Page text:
In 2015, Nathan Lyon was left out of Australia's World Cup squad in favour of left-arm spinner Xavier Doherty. Overall, he has played a mere 18 ODIs since his debut in the format in 2012. The other spinners who were part of that game - Doherty himself and Rangana Herath - have both retired from cricket, but Lyon's ODI career is only beginning to take shape in the lead-up to the 2019 World Cup in England and Wales.
Both on this tour in India and then in the UAE, Australia might break away from the old tradition at times and play two frontline spinners in Lyon and legspinner Adam Zampa - they did in the second ODI in Nagpur. This means Lyon could be in for the most sustained period of ODI cricket in his career. He's among the best spinners - if not the best - in Test cricket already, but have seasons in the wilderness in white-ball cricket got to him?
"No, not really, I'm really enjoying playing white-ball cricket and being back in coloured clothing for Australia," Lyon said on the eve of the third ODI against India in Ranchi. "For me, it's about enjoying the challenge and try to get better in the shorter format. I'm always about learning every time I go out to bowl. There is added pressure, I guess, but none I'm putting on myself. I'm just looking forward to doing my best for the Australian cricket team."
"Bounce is still an important factor for me, if I can hit the stickers on the bat and hopefully those catches will go to the hand and not into the stands" NATHAN LYON
Australia tested India in the first two ODIs, but they couldn't quite close those matches out. Marcus Stoinis, in particular, was visibly broken after tripping at the final hurdle in Nagpur. Despite Australia finishing at the wrong end of the results, Lyon stressed that all was well within the management and backed his side to turn the tables on India.
"It was disappointing to lose and not get across the line against India in their home conditions," he said. "They have some superstars. They have a legend like MS Dhoni still running around and controlling the back-end of the innings through the tempo. Then, there is Virat Kohli, who in my eyes is one of the greatest players to play in my era.
"They are a superstar unit and we are young side that is learning. We are getting better and looking forward to the challenges. There is a lot of belief in our team and this series isn't over yet. We believe we can still win the series. It's going to be a challenge up against one of the best sides in the world in their backyard, but it's exciting and we are looking forward to it."
Lyon's USP is his ability to generate extra bounce and overspin, but the skiddier pitches in India have somewhat neutered his threat. However, he believes that his variations in pace will still hold him in good stead.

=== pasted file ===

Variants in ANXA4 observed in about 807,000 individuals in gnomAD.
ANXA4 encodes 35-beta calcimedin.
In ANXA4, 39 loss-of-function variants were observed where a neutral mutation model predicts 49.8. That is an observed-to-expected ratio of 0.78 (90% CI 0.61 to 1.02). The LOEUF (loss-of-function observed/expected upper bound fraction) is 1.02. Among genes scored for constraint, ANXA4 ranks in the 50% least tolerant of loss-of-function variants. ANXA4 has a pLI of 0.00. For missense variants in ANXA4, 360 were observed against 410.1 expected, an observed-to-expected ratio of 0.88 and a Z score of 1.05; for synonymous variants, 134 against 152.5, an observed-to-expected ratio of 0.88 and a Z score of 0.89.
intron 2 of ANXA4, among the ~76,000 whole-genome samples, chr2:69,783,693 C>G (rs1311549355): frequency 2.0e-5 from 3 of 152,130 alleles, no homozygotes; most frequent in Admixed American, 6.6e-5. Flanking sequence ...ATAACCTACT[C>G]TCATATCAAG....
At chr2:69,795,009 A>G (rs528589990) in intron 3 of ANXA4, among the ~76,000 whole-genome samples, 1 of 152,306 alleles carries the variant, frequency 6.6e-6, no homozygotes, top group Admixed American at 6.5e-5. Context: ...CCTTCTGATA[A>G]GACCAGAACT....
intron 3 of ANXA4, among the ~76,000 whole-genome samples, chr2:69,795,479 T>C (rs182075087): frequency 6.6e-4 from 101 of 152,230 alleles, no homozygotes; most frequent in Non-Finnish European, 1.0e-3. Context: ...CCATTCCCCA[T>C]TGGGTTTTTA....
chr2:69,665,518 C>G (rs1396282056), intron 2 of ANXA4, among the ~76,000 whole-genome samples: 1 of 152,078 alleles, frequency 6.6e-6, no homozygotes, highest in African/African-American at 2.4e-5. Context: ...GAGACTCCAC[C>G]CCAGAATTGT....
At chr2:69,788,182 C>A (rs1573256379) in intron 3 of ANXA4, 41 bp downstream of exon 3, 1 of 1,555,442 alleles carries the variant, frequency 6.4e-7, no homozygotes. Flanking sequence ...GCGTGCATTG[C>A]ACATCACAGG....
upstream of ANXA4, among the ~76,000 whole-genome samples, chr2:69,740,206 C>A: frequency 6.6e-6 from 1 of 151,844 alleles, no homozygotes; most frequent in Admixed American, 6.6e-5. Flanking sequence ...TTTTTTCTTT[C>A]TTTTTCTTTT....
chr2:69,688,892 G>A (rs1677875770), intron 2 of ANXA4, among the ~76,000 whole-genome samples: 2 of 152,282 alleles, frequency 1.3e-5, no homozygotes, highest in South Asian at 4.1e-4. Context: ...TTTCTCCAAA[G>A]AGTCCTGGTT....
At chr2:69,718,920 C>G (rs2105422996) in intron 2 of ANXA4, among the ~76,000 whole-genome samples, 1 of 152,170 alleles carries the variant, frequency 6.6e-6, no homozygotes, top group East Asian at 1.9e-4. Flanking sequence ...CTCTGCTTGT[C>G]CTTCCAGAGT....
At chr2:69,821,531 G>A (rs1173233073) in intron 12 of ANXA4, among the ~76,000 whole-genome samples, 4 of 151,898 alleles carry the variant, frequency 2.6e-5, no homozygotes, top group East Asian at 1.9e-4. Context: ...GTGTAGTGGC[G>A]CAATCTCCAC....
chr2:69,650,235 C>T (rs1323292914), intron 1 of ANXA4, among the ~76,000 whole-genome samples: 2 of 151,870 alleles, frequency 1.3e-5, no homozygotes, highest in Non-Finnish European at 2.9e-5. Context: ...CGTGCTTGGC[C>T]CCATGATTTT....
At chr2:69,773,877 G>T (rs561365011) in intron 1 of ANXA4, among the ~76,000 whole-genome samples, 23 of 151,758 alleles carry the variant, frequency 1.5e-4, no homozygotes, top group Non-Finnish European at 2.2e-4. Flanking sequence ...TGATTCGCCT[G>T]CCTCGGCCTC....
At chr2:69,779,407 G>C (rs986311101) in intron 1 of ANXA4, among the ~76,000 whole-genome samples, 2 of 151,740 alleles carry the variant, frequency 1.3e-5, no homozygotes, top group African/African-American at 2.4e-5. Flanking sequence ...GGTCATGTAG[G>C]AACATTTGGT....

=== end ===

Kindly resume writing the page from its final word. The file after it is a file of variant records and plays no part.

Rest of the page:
"I still believe bounce is a massive weapon," he said. "Having the ability to change up variations, pace and mindset, depending on who I'm bowling to... Personally, I'm trying to read the game; what's going to happen in the game, and control that moment. Bounce is still an important factor for me, if I can hit the stickers on the bat and hopefully those catches will go to the hand and not into the stands. It's a good challenge and it's something I'm excited about."
The wristspinners are dictating terms in limited-overs cricket - Zampa has been Australia's first-choice pick in recent times - but Lyon believes that a fingerspinner will round out the attack nicely. He had bowled constricting lines and lengths in Nagpur and came away with 1 for 42 in his ten overs.
"Obviously, the wristspinners are a valuable part to any side, and I'm working on a couple of different variations to keep up with the game," he said. "The game is moving so fast, and it's a great opportunity for everyone to learn. But it's pretty important to have the balance of a couple of good spinners in your side. You look at India, Kuldeep Yadav's skills are unbelievable and [Ravindra] Jadeja has been quite impressive as well. I think it's important for any international side to have a couple of decent spinners going into the World Cup."
S Sriram, the former India spinner and Australia's spin consultant, has been a prominent figure in the visitors' training sessions, often feeding the sweep shot for Stoinis or instructing Lyon and Zampa to attack the stumps.
"Obviously, he [Sriram] knows these conditions inside-out and has passed on some great knowledge about the Indian batsmen and how they go about their business," Lyon said. "So, to have inside knowledge like Sri has been absolutely exceptional for the batters as well as bowlers - whether fast bowling or spin bowling.
"Personally, I've enjoyed talking with him about variations and whether you defend or attack a batsman. He has been great personally for my mindset."
Lyon insisted "Australia have been training the house down" on this tour. They now need to put their preparations to good use if they are to save the series in Ranchi.